Sony has now confirmed the requirements for which NVMe M.2 SSD drives will work. We know that the PS5’s internal drive supports PCIe Gen 4 M.2 NVMe SSDs, capable of 5500MB/s bandwidth with a capacity of 250GB, 500GB, 1TB, 2TB or 4TB. You will need a heatsink, and the dimensions should not exceed 110 x 25 x 11.25 millimeters.

Any games that are installed to either the internal or additional NVMe SSD that you can install will benefit from the full power of the PS5, particularly when it comes to load speeds. The problem is that NVMe SSDs aren’t cheap, so be prepared to part with a large chunk of change if you want to expand the PS5’s storage capacity. 

The next solution to free up space from the PS5’s main drive (or additional NVMe SSD you install) is to plug in a regular external HDD or SSD. As both these storage solutions sit outside of the console, they’re often referred to as “external” drives.

Both these drives can be used to store and play PS4 games, however, they won’t benefit from the advantages of being stored directly onto the PS5’s NVMe drive. After a recent PS5 system update, you can now store PS5 games on an external hard drive or SSD, but you'll need to transfer them to the internal drive if you'd like to play them.

PS5 storage: how much do you get?

PS5 Black Friday deals sales

(Image credit: Sony)

The PS5 is equipped with an 825GB NVMe SSD, which provides super-fast load times and promises to have a transformative impact on how next-gen games will perform in the future. As this is the drive that comes installed in the PS5, it’s often referred to as the “internal” drive and cannot be removed by the user (as far as we can tell at least). 

The PS5 only has 667.2GB of usable memory to play with – a large chunk of storage is reserved for system files and the PlayStation’s operating system – and with the majority of new PS5 games weighing in at 50GB, space will be at a premium.

What is an NVMe SSD?

NVMe SSD PS5 storage

(Image credit: PNY)

It’s important to establish what an NVMe SSD is, as that’s what’s found inside the PS5. An NVMe SSD (Non-Volatile Memory Express) is a superior storage solution compared to standard hard drives and SSDs (solid-state drives). NVMe SSDs use PCIe sockets for data transfer, which means they can send up to 25x more data than the slower SATA equivalent (which is what the hard drives in the PS4 and PS4 Pro use). 

NVMe drives also communicate directly with a system’s CPU, and the end result is blazing fast performance that currently can’t be matched by any other storage solution. PS5 relies on this new storage format to create a next-generational leap in performance, so it’s paramount that you understand the difference between the three types of drives.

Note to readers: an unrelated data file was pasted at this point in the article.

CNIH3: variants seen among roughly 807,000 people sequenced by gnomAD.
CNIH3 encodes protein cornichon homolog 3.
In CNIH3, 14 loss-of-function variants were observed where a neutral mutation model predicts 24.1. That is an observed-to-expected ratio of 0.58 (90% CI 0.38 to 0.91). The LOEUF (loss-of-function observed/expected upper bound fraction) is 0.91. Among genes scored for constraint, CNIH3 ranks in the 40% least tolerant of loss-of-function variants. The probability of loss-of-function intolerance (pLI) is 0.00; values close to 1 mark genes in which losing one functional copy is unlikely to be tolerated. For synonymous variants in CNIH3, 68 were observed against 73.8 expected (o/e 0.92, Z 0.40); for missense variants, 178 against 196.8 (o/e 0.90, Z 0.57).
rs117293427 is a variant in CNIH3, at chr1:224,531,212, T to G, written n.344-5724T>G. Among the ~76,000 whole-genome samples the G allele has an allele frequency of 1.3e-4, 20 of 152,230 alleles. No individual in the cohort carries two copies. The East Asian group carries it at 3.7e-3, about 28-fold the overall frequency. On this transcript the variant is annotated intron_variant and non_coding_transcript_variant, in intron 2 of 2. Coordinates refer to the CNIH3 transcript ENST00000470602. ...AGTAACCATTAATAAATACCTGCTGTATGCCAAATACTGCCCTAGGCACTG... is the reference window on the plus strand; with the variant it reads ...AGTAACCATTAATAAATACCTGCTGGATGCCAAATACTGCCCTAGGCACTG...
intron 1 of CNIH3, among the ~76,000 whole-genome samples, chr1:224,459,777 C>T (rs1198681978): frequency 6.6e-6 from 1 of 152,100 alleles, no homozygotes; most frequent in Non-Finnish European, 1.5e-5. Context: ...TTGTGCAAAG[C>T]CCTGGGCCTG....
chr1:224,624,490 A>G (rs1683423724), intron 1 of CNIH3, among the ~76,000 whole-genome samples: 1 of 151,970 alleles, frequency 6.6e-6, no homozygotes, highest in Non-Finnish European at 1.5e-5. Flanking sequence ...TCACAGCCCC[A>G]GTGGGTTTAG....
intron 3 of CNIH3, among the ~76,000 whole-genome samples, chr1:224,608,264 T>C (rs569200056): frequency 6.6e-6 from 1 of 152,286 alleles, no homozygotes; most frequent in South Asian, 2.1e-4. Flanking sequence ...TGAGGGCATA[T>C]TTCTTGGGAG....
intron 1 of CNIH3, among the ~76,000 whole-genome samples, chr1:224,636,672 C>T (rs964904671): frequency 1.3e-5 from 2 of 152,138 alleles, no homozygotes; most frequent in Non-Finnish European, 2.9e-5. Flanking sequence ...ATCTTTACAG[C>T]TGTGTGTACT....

Is an NVMe SSD the same as an SSD?

Samsung Portable SSD T5

(Image credit: Samsung)

No, and it’s an easy mistake to make – particularly as Sony regularly refers to its storage as just “SSD”. Regular SSDs rely on SATA, which is a far slower way of transferring data within a system. An SSD is still much faster than a regular mechanical hard drive (and less prone to failure due to the lack of moving parts), but its speeds pale in comparison to an NVMe SSD.

PS5 storage at a glance

Looking for all the information you need at a glance? Check out the table below for a clear guide of how PS5 storage works.

PS5 storage guide
Can you play PS5 games from it?Can you play PS4 games from it?Can you play PS5/PS4 games from it?Can you store PS5 games?
PS5 internal NVMeYesYes (they will benefit from faster load times)YesYes
M.2 NVMe SSDYesYes (they will benefit from faster load times)YesYes
External HDD (USB 3.1)NoYesNo, only PS4 gamesYes
External SSD (USB 3.1)NoYes (they will benefit from faster load times)No, only PS4 gamesYes

You might also want to check out the best PS5 external hard drives.

Adam Vjestica

Adam is a Senior Gaming Writer at TechRadar. A law graduate with an exceptional track record in content creation and online engagement, Adam has penned scintillating copy for various technology sites and also established his very own award-nominated video games website. He’s previously worked at Nintendo of Europe as a Content Marketing Editor and once played Halo 5: Guardians for over 51 hours for charity. (He’s still recovering to this day.)